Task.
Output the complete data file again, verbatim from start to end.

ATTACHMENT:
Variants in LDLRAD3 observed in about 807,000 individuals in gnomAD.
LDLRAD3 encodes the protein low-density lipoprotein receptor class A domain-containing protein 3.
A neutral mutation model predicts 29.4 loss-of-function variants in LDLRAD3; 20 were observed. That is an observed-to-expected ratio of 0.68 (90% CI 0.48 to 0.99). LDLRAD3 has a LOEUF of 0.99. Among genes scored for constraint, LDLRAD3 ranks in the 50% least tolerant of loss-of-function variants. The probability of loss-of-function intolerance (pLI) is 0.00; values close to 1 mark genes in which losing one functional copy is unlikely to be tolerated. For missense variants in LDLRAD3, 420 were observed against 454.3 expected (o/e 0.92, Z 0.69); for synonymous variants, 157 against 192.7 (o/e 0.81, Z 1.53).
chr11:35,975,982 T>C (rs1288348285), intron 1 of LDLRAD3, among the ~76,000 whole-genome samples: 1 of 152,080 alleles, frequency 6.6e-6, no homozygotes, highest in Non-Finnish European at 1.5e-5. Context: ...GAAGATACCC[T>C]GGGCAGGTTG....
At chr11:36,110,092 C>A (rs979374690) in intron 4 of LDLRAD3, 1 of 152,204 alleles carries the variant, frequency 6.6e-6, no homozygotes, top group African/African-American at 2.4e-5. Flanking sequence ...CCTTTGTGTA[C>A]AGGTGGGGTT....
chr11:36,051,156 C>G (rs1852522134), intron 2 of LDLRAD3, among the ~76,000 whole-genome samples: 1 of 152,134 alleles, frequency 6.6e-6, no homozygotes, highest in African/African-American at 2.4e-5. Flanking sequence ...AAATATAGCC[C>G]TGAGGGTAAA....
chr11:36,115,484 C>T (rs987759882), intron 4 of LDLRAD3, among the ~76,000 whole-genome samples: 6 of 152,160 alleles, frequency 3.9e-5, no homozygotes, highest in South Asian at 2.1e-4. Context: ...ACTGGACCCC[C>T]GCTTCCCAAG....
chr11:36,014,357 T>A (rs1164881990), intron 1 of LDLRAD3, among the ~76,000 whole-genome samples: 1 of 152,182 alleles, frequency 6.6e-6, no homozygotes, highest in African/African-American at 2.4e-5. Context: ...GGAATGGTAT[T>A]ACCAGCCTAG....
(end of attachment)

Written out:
Variants in LDLRAD3 observed in about 807,000 individuals in gnomAD.
LDLRAD3 encodes the protein low-density lipoprotein receptor class A domain-containing protein 3.
A neutral mutation model predicts 29.4 loss-of-function variants in LDLRAD3; 20 were observed. That is an observed-to-expected ratio of 0.68 (90% CI 0.48 to 0.99). LDLRAD3 has a LOEUF of 0.99. Among genes scored for constraint, LDLRAD3 ranks in the 50% least tolerant of loss-of-function variants. The probability of loss-of-function intolerance (pLI) is 0.00; values close to 1 mark genes in which losing one functional copy is unlikely to be tolerated. For missense variants in LDLRAD3, 420 were observed against 454.3 expected (o/e 0.92, Z 0.69); for synonymous variants, 157 against 192.7 (o/e 0.81, Z 1.53).
chr11:35,975,982 T>C (rs1288348285), intron 1 of LDLRAD3, among the ~76,000 whole-genome samples: 1 of 152,080 alleles, frequency 6.6e-6, no homozygotes, highest in Non-Finnish European at 1.5e-5. Context: ...GAAGATACCC[T>C]GGGCAGGTTG....
At chr11:36,110,092 C>A (rs979374690) in intron 4 of LDLRAD3, 1 of 152,204 alleles carries the variant, frequency 6.6e-6, no homozygotes, top group African/African-American at 2.4e-5. Flanking sequence ...CCTTTGTGTA[C>A]AGGTGGGGTT....
chr11:36,051,156 C>G (rs1852522134), intron 2 of LDLRAD3, among the ~76,000 whole-genome samples: 1 of 152,134 alleles, frequency 6.6e-6, no homozygotes, highest in African/African-American at 2.4e-5. Flanking sequence ...AAATATAGCC[C>G]TGAGGGTAAA....
chr11:36,115,484 C>T (rs987759882), intron 4 of LDLRAD3, among the ~76,000 whole-genome samples: 6 of 152,160 alleles, frequency 3.9e-5, no homozygotes, highest in South Asian at 2.1e-4. Context: ...ACTGGACCCC[C>T]GCTTCCCAAG....
chr11:36,014,357 T>A (rs1164881990), intron 1 of LDLRAD3, among the ~76,000 whole-genome samples: 1 of 152,182 alleles, frequency 6.6e-6, no homozygotes, highest in African/African-American at 2.4e-5. Context: ...GGAATGGTAT[T>A]ACCAGCCTAG....